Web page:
The internal construction of the counter is such that when the leading edge of the work piece A breaks the light path between 22 and 23, the operation of the counter will be initiated and impulses generated by the rotation of the disk 25 will be counted. There is a selector knob 24a on the counter that may be adjusted for any predetermined number of impulses. When this number of impulses has been counted, the counter will energize momentarily the coil 29 of a latching relay 30, 31 indicating a connection between the output of the counter and the coil 29. Wires 32 and 33 are connected to a source of current supply not shown.
The latching relay has an armature 34 which is moved upwardly and latched when the coil 29' is energized. This serves to close a circuit from supply line 35 through wire 36, relay contact 37, relay contact 38, wire 39, random printing switch wire 41, a clutch and brake unit 21, and wire 42 to the other side of the cur rent supply line designated 43. The energizing of the electro-magnetic clutch and brake releases the brake and engages the clutch to start the printing roll into rotation.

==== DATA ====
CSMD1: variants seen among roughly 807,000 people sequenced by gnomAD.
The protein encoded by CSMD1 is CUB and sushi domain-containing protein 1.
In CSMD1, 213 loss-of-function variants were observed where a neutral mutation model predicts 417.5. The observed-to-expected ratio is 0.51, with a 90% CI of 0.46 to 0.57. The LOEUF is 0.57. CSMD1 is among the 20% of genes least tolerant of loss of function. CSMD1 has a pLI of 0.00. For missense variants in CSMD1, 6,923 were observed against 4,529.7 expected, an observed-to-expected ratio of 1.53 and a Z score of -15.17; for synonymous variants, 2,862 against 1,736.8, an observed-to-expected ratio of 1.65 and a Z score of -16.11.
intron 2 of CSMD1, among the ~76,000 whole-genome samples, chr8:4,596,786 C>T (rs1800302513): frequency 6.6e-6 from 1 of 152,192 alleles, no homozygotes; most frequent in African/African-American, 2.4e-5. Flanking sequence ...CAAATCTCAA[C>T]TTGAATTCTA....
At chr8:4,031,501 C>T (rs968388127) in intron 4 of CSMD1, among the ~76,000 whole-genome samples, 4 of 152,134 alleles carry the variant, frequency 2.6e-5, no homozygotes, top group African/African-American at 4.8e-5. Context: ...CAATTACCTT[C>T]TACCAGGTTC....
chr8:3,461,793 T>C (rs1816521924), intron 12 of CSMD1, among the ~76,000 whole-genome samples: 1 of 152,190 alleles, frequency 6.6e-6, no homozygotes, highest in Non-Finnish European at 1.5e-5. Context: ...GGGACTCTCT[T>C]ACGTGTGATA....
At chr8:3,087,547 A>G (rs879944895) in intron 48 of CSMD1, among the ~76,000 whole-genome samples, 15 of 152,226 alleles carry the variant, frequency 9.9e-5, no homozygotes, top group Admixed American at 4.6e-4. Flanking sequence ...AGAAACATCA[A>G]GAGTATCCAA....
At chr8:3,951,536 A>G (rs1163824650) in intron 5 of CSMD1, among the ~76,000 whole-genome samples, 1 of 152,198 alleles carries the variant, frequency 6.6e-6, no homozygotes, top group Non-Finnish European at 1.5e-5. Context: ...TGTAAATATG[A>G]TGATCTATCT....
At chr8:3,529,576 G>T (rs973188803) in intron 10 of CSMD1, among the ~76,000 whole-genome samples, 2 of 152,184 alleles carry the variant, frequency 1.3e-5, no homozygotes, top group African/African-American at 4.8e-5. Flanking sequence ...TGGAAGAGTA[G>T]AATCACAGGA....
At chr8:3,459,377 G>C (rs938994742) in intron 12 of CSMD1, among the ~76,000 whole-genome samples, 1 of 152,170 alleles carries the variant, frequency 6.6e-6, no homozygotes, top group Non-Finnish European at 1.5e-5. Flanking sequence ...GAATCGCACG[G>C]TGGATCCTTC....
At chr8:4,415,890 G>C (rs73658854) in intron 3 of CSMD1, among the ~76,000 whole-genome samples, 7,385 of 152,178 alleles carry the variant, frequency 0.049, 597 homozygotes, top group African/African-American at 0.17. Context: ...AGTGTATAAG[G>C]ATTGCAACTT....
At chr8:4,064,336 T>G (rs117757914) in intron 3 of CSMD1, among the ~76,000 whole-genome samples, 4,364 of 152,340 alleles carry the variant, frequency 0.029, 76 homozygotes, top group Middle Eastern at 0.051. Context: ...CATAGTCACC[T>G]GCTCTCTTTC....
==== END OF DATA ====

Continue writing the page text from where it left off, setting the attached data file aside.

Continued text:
On the end of the shaft for the printing roll 5 there is a cam having a single low point at 45. There is a limit switch 46 having a follower that engages the periphery of the cam 44, and this switch is normally held open by the cam. However, when the low point of the cam comes beneath the follower of the limit switch, the follower drops into the low point of the cam, closing the limit switch. This closes a circuit from power line 32 through Wire 47, the limit switch, and wire 48 and wire 49 to the winding 50 of a time-delay relay 51. The energizing of the time-delay relay closes a circuit from wire 48 through the contacts of the relay 51 and Wire 52 to coil 53 of the latching relay 30 to the return side of the circuit. This releases latching relay and opens the contacts through the latching relay to break the circuit to the magnetic clutch and brake, thereby causing the clutch to release and the brake to be applied, stopping the printing roll or cylinder after one rotation. The time lag from the closing of the limit switch to the application of the brake is just sufiicient to allow the cam 44 to rotate far enough to lift the 4 limit switch follower out of the low point of the cam and open the limit switch.